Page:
- The new-customer experience – you’d better make sure those new customers get their minds blown, because they’re the ones most likely to talk about you; and
- You’ll want to come up with a regular plan to occasionally ask your longtime customers to spread some word of mouth about you. They’ll be happy to support you, you just need to remind them and let them know it would mean a lot to you.
Andy’s answers make me aware of the ways in which I’ve already been implementing his strategy in my practice. Customizing and perfecting my own assessment approach allows me to recognize a patient’s dysfunction within minutes. As a result, I am able to spend more time focusing specifically on treatment during our first visit. As a result, the patient feels significantly better after one treatment, which as Andy says, “blows their mind,” and showcases how I can help. From this point forward, they provide positive feedback about their visit and treatment.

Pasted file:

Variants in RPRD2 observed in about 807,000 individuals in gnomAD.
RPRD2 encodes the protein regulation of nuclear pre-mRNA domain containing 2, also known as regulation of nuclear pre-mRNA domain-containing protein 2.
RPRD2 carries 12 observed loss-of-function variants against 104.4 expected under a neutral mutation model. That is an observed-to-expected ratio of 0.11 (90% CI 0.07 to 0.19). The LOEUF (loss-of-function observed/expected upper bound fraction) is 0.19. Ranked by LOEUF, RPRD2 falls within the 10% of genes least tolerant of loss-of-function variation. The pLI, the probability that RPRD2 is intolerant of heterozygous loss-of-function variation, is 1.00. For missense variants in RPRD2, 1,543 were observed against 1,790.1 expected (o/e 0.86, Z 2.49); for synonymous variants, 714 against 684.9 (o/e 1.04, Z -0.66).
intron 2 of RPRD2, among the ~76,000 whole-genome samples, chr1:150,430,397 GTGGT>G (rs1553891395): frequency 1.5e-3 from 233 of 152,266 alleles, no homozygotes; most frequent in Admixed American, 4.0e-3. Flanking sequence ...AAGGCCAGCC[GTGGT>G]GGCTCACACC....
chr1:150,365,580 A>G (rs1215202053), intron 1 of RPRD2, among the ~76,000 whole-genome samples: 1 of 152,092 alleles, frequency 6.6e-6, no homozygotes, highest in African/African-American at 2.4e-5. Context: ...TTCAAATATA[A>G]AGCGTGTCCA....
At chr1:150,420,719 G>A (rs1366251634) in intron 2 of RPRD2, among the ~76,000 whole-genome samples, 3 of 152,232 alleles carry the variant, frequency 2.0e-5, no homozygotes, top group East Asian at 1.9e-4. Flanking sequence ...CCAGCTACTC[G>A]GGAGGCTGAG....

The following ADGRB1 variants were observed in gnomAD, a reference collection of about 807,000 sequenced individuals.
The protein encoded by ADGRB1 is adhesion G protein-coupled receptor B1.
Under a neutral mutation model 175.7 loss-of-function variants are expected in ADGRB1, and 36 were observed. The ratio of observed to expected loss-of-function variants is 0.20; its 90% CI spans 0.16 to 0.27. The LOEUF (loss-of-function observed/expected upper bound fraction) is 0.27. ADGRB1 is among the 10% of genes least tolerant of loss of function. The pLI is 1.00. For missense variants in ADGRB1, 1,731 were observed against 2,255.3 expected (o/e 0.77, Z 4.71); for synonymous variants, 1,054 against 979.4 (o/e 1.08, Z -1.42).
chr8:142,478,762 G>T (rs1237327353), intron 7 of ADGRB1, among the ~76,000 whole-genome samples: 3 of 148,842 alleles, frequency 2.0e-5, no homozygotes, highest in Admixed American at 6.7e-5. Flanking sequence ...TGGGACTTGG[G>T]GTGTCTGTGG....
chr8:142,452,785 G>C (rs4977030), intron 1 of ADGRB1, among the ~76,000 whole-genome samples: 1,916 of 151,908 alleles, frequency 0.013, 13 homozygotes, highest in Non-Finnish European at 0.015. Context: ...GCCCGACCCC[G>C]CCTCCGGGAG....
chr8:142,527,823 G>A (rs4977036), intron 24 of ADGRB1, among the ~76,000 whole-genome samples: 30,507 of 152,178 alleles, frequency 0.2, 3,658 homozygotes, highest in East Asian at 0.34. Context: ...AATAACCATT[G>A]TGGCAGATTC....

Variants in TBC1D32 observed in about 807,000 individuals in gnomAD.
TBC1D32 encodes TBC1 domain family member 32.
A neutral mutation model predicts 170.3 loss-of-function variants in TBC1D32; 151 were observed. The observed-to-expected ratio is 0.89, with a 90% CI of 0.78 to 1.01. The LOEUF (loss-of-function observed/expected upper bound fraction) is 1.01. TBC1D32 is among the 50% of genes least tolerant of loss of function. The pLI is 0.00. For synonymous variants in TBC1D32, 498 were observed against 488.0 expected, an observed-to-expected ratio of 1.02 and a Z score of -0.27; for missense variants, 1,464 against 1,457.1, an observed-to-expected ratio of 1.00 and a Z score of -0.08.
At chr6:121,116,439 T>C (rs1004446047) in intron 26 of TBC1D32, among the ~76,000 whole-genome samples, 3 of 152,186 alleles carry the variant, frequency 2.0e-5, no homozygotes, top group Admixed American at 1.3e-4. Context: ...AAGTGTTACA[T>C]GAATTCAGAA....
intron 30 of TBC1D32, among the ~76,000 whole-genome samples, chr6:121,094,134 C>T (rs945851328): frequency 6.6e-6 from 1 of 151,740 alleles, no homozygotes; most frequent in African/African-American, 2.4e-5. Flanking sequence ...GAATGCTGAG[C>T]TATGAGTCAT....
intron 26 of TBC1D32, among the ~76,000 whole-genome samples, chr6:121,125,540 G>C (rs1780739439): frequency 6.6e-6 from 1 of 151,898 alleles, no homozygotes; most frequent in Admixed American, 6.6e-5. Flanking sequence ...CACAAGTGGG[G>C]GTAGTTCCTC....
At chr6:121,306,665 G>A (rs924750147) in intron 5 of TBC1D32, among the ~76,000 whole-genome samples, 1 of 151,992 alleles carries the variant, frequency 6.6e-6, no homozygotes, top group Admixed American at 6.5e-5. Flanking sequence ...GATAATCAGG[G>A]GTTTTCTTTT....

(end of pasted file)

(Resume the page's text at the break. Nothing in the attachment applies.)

Don’t forget your old friends
The second item Andy brings to our attention is to simply remind established patients that you are still accepting new patients. I also make it a point to thank patients for all the kind referrals they have sent in the past. I’d like to think that my patients may become more aware of how much I value their referrals and hope that they continue to offer them. This makes them more likely to recognize opportunities to tell others about me.
Dr. L: You write about three reasons people talk about you: they like you; they like your product/service and the fact that they found it; and they enjoy being part of something bigger that motivates them to tell others. In my practice, I make it a point to include my patients in helping to promote our services. For example, I had new business cards designed. At the end of each treatment I told my patients about the new business cards and asked them to pass a few out to their friends or to use them as bookmarks. Each of those patients referred at least one new patient within the next two weeks.
What are your thoughts on this approach and what is the mechanism for its success?
AS: This is a great, simple idea that a lot of businesses could implement. You’ve clearly started with the foundation: a service worth recommending. Without that, the most amazing business card in the world wouldn’t earn you a referral.
In this instance, people are talking about you for the first two reasons:
- They like you and your stuff; and
- They like to feel smart – they want to help friends by sending them your way.